I have now the honour of transmitting to the Royal Commissioners for Inquiry into Schools, such answers as it is in my power to give to the queries which the Commissioners did me the honour of addressing to me. Want of time, no less than the understood wishes of the Commissioners, has compelled me to be brief; but, for the further elucidation of the topics to which I have adverted, as well as for many valuable facts and thoughts connected with the subject of their inquiries, I hope I may be permitted to refer the Commissioners to the paper by Mr. Chadwick,[*] mentioned in my answer to the second query, and the evidence appended thereto.

I have, &c.
J.S. Mill

The Secretary of the Schools Inquiry Commission

* * * * *

1. The expediency, in the case of endowed schools, of continuing to give gratuitous education to the scholars, and fixed incomes to the teachers.

I conceive the practice of payment by fixed salaries to be almost fatal to the general usefulness of educational endowments, and quite sufficient in itself to account for the admitted fact of their extensive failure.

If any practical maxim for the conduct of business of any kind by a delegated agent can be called fundamental, it is that of identifying the agent’s interest with his duty. But if a schoolmaster’s remuneration is neither increased by efficiency, nor diminished by inefficiency, his personal interest is, to have as few pupils as Edition: current; Page: [210] possible, and to take the least possible trouble with their instruction. I have read of a school where the master’s salary was 600l. a year, and his object was to drive away the pupils, which he succeeded in effecting by a series of severe floggings.[*] Without vouching for the strict truth of this anecdote, it may be accepted as a warning illustration of what may happen in an extreme case. Every motive that acts upon a teacher thus situated, tends to render his work valueless, except conscience or a disinterested love for his duty; and the insufficiency, in average cases, of these motives, is the principal cause which renders laws and institutions necessary.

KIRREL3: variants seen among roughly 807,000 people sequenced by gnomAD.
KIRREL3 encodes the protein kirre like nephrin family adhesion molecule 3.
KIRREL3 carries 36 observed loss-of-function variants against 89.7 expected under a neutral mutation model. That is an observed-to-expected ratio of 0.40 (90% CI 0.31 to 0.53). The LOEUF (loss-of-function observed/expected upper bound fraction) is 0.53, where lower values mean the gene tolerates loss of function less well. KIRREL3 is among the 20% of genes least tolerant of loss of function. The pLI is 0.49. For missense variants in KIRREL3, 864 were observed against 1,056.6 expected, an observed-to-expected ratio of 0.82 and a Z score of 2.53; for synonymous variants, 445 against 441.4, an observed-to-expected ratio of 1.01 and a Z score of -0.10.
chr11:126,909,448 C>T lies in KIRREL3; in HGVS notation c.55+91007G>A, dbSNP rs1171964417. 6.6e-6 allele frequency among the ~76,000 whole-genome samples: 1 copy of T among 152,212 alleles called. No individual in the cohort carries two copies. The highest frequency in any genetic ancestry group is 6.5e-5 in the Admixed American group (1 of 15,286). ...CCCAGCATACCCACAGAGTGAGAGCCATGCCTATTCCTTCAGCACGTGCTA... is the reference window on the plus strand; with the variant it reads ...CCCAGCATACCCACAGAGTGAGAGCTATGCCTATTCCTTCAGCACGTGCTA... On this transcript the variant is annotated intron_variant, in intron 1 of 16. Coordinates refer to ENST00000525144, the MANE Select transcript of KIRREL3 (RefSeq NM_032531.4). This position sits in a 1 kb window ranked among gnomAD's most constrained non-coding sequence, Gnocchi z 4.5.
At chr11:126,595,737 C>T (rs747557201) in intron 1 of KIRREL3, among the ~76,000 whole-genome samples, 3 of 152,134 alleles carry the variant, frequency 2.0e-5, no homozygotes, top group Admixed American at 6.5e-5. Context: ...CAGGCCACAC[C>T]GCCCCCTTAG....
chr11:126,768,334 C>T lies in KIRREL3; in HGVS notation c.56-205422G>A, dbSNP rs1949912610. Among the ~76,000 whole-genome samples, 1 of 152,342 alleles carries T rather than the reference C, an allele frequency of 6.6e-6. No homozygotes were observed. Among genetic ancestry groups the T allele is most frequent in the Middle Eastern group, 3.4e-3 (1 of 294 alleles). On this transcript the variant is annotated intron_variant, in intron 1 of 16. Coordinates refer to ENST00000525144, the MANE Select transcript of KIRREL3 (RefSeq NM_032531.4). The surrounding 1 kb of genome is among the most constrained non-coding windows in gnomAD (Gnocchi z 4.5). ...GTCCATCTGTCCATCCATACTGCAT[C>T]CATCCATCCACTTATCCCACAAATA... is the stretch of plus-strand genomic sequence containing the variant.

The true principle for the remuneration of schoolmasters of all classes and grades, wherever it is possible to apply it, is that of payment for results. The results of their teaching can, in general, only be tested by examinations, conducted by independent public examiners, and if this examination were partly of a competitive character, extending to the pupils of all endowed middle-class schools, somewhat after the model of the Oxford and Cambridge local examinations, it might be made a basis for proportioning, in some degree, the remuneration of schoolmasters to the degree of success which their pupils obtained in the examinations.

It appears to me, generally speaking, undesirable that education should be provided gratuitously for the children of the classes specifically concerned in the present inquiry. Those classes can afford to pay, they are not objects of charity: they have no claim to be relieved from the duty of providing education for their children; and entire relief from that obligation on any other ground than inability, appears to me to have a highly demoralizing tendency. The suggestion that exhibitions should be given to pupils of the elementary schools, to be earned by merit, for the purpose of enabling them to prolong their school course, and advance to a higher grade of education, seems to me, on the contrary, to be of a highly moral and improving character, and I would give it my warmest support. I would suggest that these exhibitions be awarded by competitive examination. It is, however, a different question, whether the funds of endowments should be exclusively devoted to this purpose, or to this and to the pensioning of retired teachers. Though endowments are not, I conceive, beneficially employed in educating the children of the middle classes without expense to the parents, I think it a very proper application of them to provide, for those classes, a better quality of education than can be supplied from the contributions of parents as an exclusive resource. They should be called on to pay only what they can, in ordinary cases, well afford, and this having been done, the very best education should be given which can be provided by the addition to those payments, of all other funds legitimately applicable to the purpose.